I walked into the Coffee Nut Cafe on Park Avenue at around nine thirty this morning, fully expecting it to be yet another droll ordinary day. That was not to be. From out of nowhere a legendary World War One flying ace walked in and ordered a large cappuccino. I couldn’t believe my eyes. Over the course of the past nine months I’ve frequently seen him in town but never in all my born days could I possibly have expected to meet him. I tried to say hello. He politely nodded and smiled.
“My deah, I should like a lahge cappuccino,”
was the only thing he uttered the entire time he was there among us. His speech and demeanor were so authoritative and intimidating. We were all hoping he may have been willing to stay for a while and tell us a story of all his grand and glorious exploits. It was not to be though. Everyone has always wanted his autograph. Perhaps at least one of among us shall be so fortunate as to be able to gain his confidence. We’re so proud to have him even living among us. He’s quite a colorful fellow. Until then, though, we shall be happy merely to hope for the very best. He’s Long Beach’s most distinguished character. We hope he stays a long time among us.
A few weeks ago I found my Garmin Nuvi G.P.S., after not having bothered with it for quite a significant length of time. I needed a new charger for it so I went to the Radio Shack on Park Avenue and got one. When I plugged it into my car’s lighter it wouldn’t work. I then got Mary Anne and Steve to plug it into their cars. It worked for them both. The salesman in the store tried it on his charger and it worked for him. For some strange reason I can’t get it to work in only my car. Everyone assumed the car needed a new fuse. Steve changed it. It still doesn’t work. The company sent me a free USB charger when I complained to them. I’ve been using it to keep the G.P.S. charged. No one has any idea why it won’t work in my car, especially since the fuse has already been changed. It’s really been bothering me quite a lot because it’s always been such an exceptionally good G.P.S. In general I’ve been quite happy with it. The car is really good too. The charger just won’t work in that car though. It truly grates upon my nerves that the obvious solution to the problem doesn’t work in this specific case.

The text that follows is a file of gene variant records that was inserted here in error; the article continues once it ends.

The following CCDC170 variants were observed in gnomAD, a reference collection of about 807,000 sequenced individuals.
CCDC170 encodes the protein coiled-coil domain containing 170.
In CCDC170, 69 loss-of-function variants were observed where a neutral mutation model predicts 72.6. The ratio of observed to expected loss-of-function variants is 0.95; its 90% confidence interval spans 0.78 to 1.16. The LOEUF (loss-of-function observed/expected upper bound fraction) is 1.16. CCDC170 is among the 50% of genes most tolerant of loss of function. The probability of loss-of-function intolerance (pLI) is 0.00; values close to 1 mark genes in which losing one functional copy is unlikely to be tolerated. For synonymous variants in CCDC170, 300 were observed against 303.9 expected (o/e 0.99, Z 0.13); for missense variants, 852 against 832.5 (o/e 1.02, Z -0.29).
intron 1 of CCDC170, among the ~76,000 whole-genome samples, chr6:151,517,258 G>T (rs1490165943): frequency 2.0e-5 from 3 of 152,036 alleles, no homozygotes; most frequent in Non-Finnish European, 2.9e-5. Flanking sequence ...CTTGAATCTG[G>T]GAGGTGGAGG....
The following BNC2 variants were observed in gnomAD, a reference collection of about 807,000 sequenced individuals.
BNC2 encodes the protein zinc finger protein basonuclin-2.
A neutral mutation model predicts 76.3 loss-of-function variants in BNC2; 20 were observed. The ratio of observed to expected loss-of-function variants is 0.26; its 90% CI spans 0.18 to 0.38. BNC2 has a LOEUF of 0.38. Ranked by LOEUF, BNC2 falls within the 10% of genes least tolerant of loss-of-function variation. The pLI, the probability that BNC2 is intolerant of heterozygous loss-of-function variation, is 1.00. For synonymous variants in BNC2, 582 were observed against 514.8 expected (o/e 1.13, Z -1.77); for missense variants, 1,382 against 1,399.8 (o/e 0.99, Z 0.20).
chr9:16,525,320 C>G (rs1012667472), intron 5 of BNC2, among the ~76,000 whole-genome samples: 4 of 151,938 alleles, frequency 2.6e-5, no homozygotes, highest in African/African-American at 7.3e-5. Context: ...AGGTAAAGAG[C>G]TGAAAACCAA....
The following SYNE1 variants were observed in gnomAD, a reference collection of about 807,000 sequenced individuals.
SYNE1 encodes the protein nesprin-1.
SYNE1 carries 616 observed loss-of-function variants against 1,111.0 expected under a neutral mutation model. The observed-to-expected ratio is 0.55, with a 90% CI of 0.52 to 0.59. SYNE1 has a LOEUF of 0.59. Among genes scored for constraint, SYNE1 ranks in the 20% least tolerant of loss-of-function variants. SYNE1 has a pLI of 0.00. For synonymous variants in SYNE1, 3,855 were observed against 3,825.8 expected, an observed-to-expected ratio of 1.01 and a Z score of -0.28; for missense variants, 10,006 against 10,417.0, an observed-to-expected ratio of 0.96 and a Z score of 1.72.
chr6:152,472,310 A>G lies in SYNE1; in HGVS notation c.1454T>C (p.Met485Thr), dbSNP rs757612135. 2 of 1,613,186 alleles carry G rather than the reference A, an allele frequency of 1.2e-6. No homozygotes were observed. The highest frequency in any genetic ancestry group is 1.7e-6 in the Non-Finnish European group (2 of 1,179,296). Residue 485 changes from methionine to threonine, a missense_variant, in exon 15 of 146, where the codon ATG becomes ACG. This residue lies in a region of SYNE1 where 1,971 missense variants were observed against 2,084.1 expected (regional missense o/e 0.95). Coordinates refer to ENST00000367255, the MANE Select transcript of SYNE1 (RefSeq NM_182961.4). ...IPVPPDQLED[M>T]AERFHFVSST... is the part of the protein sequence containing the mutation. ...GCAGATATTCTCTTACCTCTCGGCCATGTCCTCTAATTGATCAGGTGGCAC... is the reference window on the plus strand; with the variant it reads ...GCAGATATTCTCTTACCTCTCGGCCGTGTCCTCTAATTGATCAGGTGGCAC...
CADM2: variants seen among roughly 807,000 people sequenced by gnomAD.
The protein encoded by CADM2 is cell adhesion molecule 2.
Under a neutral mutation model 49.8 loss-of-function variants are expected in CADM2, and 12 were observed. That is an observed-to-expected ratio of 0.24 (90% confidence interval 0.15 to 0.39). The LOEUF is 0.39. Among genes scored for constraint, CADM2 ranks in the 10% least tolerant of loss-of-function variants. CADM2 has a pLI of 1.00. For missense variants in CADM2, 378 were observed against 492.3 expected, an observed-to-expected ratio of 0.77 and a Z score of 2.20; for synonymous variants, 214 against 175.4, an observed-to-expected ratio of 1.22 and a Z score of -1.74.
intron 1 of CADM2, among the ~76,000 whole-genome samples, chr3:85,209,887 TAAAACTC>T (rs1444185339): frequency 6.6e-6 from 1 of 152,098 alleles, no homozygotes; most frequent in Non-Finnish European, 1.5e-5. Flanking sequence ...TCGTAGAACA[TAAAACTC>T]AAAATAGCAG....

Early last Saturday afternoon I was sitting at a table at one of the local cafes on Park Avenue, leisurely sipping my caramel cappuccino, when I was approached by a tall stranger in a dark grey pin striped suit. He asked me my name. I introduced myself politely, not understanding entirely why I bothered. The fellow, who insisted on remaining anonymous, nodded and replied,
“I’ve been looking for you.”
He went on to explain that a group of gentlemen, whom he would only refer to as Messrs. Waverly, Solo and Kuryakin, were interested in getting in touch with me about quite an exceptionally urgent problem. According to him, they believed that I was the only man in the Western Hemisphere who was capable of handling such a grave responsibility.
“Aah!” I exclaimed. “So my reputation appears to be all that people have told me it is.”